New Delhi: The Supreme Court issued a notice to the government and sought a response, within six weeks, on a Public Interest Litigation (PIL) filed against the Ministry of Home Affairs’ notification authorising 10 central agencies to intercept, monitor and decrypt any computer system.
The apex court earlier had denied an early hearing in the case. But now, the government’s move to give investigating agencies sweeping powers to intercept and monitor data on computers will be examined by the Supreme Court.
The petitions by lawyer Shreya Singhal, her co-petitioner and Trinamool Congress lawmaker Mahua Moitra, Supreme Court lawyer ML Sharma and others alleged that the government’s order is against the fundamental right to privacy and must be cancelled in the interest of justice.
“The order by the Home Ministry violates privacy and we so wanted a stay on it. The court has issued notice to the Home Ministry… After six weeks the Supreme Court will look into our prayer on staying the notification,” NDTV quotes Singhal as saying.
Shreya Singhal became the first person to challenge the now-scrapped Section 66(A) of the Information Technology Act in the Supreme Court at teh age of 24, when she was a student of law.
The petition, filed by advocate Manohar Lal Sharma, seeks quashing of the government’s December 20 order which empowers the agencies to intercept any computer under the Information Technology (IT) Act.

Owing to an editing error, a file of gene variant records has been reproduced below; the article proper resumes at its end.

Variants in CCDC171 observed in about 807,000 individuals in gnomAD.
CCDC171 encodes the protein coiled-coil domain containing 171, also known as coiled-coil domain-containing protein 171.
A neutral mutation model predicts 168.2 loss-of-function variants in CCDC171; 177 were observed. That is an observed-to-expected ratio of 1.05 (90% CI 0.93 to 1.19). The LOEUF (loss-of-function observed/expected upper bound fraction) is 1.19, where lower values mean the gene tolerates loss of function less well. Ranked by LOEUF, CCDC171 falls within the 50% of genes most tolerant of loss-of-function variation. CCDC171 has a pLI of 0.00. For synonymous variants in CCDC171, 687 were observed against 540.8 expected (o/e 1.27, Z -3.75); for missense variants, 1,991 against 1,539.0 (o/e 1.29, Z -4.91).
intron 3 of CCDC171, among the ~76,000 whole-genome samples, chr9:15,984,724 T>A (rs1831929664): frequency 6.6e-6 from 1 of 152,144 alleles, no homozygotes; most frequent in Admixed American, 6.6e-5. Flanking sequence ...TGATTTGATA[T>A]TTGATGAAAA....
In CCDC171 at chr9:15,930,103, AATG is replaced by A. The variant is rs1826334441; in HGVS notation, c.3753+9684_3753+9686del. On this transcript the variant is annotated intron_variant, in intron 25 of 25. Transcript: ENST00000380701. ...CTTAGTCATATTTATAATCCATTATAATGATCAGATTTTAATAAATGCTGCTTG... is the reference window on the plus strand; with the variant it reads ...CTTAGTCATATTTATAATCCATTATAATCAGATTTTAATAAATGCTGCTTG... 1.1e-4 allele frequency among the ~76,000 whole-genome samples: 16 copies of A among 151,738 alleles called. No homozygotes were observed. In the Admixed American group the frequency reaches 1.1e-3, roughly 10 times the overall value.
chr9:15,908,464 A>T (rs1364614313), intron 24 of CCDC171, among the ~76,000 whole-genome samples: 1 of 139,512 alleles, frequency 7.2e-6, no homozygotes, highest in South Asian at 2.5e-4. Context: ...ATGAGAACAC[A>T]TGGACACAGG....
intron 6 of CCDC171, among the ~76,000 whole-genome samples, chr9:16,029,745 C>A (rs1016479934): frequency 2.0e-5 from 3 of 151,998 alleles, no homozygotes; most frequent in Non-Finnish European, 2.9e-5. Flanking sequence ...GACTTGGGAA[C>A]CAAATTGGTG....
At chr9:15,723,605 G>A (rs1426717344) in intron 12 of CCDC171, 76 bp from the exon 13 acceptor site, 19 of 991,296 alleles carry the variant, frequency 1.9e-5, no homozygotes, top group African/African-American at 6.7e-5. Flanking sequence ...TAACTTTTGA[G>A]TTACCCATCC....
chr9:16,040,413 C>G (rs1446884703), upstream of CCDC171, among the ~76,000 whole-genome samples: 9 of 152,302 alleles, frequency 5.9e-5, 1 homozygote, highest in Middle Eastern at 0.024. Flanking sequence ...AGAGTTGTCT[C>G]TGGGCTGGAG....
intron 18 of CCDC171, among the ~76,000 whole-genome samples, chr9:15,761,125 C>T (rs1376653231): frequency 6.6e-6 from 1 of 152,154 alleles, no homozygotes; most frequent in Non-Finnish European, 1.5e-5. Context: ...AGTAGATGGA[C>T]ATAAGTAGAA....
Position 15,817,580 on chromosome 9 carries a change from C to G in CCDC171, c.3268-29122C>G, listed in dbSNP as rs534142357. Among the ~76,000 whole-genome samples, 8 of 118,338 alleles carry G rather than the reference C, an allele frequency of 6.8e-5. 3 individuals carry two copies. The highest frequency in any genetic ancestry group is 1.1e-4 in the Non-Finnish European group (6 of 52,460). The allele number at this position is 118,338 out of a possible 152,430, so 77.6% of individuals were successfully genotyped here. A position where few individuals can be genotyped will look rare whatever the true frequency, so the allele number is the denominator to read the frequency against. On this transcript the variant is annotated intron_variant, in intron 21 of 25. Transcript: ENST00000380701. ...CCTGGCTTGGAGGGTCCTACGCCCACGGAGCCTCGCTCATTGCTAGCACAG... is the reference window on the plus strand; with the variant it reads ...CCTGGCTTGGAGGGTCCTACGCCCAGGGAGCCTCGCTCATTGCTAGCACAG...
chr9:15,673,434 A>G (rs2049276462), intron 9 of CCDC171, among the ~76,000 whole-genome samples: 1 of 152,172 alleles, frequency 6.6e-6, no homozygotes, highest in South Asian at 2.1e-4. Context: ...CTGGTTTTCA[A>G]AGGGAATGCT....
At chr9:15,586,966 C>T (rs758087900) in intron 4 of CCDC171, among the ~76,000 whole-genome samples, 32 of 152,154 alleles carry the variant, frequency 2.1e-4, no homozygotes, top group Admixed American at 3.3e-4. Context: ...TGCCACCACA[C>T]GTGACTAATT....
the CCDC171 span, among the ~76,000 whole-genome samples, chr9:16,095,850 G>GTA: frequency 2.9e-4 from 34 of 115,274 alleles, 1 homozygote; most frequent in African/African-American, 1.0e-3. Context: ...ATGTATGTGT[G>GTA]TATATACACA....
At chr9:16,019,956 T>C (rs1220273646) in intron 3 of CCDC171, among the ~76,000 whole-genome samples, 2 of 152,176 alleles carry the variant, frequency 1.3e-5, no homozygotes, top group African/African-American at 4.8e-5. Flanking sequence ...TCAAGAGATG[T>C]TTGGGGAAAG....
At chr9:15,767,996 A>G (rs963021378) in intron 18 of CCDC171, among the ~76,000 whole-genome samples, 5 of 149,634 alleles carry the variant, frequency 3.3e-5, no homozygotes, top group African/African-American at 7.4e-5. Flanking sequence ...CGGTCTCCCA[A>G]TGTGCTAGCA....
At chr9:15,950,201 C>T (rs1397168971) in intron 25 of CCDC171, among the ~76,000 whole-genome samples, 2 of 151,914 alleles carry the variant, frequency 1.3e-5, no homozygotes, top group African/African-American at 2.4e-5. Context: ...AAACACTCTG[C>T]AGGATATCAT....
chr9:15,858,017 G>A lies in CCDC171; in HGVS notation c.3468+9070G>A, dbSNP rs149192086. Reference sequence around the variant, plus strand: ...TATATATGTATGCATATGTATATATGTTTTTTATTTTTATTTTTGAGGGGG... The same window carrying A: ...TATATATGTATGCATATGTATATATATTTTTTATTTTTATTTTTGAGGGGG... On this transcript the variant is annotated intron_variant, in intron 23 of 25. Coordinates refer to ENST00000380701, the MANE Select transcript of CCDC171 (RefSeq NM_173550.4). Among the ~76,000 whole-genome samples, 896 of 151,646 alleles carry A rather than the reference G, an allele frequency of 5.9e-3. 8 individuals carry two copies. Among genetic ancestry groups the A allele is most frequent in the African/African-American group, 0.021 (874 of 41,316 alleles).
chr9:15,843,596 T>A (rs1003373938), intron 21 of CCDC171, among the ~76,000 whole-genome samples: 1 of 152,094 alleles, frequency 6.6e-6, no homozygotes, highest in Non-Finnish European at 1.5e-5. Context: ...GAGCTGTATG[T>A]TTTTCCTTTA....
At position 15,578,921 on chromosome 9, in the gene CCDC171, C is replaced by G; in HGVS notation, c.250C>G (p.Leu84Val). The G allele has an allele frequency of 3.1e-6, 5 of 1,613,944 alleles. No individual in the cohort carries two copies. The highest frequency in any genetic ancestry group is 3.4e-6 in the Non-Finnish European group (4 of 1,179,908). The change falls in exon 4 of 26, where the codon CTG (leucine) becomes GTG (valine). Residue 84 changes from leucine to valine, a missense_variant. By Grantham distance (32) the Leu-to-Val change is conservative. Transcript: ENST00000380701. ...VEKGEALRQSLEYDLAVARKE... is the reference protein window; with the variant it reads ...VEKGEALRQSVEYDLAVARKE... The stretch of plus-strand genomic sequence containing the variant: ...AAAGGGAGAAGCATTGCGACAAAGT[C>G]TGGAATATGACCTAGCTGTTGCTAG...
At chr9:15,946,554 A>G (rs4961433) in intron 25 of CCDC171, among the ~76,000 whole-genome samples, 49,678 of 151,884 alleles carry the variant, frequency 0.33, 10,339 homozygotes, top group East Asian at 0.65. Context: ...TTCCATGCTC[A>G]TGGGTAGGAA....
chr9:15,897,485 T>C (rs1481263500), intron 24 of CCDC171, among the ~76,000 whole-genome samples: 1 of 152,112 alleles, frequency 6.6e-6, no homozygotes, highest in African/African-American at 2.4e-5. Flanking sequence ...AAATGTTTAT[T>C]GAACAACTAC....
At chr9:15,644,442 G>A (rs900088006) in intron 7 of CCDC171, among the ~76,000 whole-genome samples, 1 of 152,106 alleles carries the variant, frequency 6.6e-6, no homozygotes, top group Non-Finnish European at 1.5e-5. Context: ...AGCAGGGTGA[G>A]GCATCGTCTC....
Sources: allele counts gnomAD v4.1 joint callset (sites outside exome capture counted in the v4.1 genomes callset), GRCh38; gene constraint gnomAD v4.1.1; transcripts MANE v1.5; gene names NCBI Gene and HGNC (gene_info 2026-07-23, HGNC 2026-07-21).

According to the notification, the subscriber or service provider or any person in charge of the computer resource will be bound to extend all facilities and technical assistance to the agencies, but failing to do so will invite seven-year imprisonment and fine.
The 10 agencies notified under the new order include — Intelligence Bureau, Narcotics Control Bureau, Enforcement Directorate, the Central Board of Direct Taxes (for Income Tax Department), Directorate of Revenue Intelligence, Central Bureau of Investigation, National Investigation Agency, the Research and Analysis Wing, Directorate of Signal Intelligence (in service areas of J-K, North East and Assam) and Delhi Police commissioner.
The government received flak for its order when the Opposition accused the Centre of running a “police state”. The government later clarified that “no new powers” had been conferred to the agencies, and that the same rules were brought in by the UPA government in 2009.